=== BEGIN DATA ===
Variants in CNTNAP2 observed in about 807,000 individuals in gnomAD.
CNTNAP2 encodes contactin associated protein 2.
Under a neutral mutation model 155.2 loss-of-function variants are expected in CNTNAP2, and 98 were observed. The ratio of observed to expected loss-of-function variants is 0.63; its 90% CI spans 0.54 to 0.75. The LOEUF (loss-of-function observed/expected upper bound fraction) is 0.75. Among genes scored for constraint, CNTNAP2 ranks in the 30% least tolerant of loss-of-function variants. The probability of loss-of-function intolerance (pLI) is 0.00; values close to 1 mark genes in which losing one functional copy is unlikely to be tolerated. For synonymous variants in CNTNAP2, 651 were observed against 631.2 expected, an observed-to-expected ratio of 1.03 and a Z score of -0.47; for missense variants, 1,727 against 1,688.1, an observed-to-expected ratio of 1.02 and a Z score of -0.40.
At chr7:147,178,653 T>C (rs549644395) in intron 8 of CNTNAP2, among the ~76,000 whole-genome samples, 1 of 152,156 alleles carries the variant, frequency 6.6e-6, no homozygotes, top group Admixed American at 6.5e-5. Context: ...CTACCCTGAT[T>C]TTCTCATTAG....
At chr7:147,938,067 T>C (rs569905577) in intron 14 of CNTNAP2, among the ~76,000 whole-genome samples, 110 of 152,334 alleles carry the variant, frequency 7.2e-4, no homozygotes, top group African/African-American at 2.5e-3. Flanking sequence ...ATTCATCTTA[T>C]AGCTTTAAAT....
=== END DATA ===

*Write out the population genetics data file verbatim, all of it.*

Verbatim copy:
Variants in CNTNAP2 observed in about 807,000 individuals in gnomAD.
CNTNAP2 encodes contactin associated protein 2.
Under a neutral mutation model 155.2 loss-of-function variants are expected in CNTNAP2, and 98 were observed. The ratio of observed to expected loss-of-function variants is 0.63; its 90% CI spans 0.54 to 0.75. The LOEUF (loss-of-function observed/expected upper bound fraction) is 0.75. Among genes scored for constraint, CNTNAP2 ranks in the 30% least tolerant of loss-of-function variants. The probability of loss-of-function intolerance (pLI) is 0.00; values close to 1 mark genes in which losing one functional copy is unlikely to be tolerated. For synonymous variants in CNTNAP2, 651 were observed against 631.2 expected, an observed-to-expected ratio of 1.03 and a Z score of -0.47; for missense variants, 1,727 against 1,688.1, an observed-to-expected ratio of 1.02 and a Z score of -0.40.
At chr7:147,178,653 T>C (rs549644395) in intron 8 of CNTNAP2, among the ~76,000 whole-genome samples, 1 of 152,156 alleles carries the variant, frequency 6.6e-6, no homozygotes, top group Admixed American at 6.5e-5. Context: ...CTACCCTGAT[T>C]TTCTCATTAG....
At chr7:147,938,067 T>C (rs569905577) in intron 14 of CNTNAP2, among the ~76,000 whole-genome samples, 110 of 152,334 alleles carry the variant, frequency 7.2e-4, no homozygotes, top group African/African-American at 2.5e-3. Flanking sequence ...ATTCATCTTA[T>C]AGCTTTAAAT....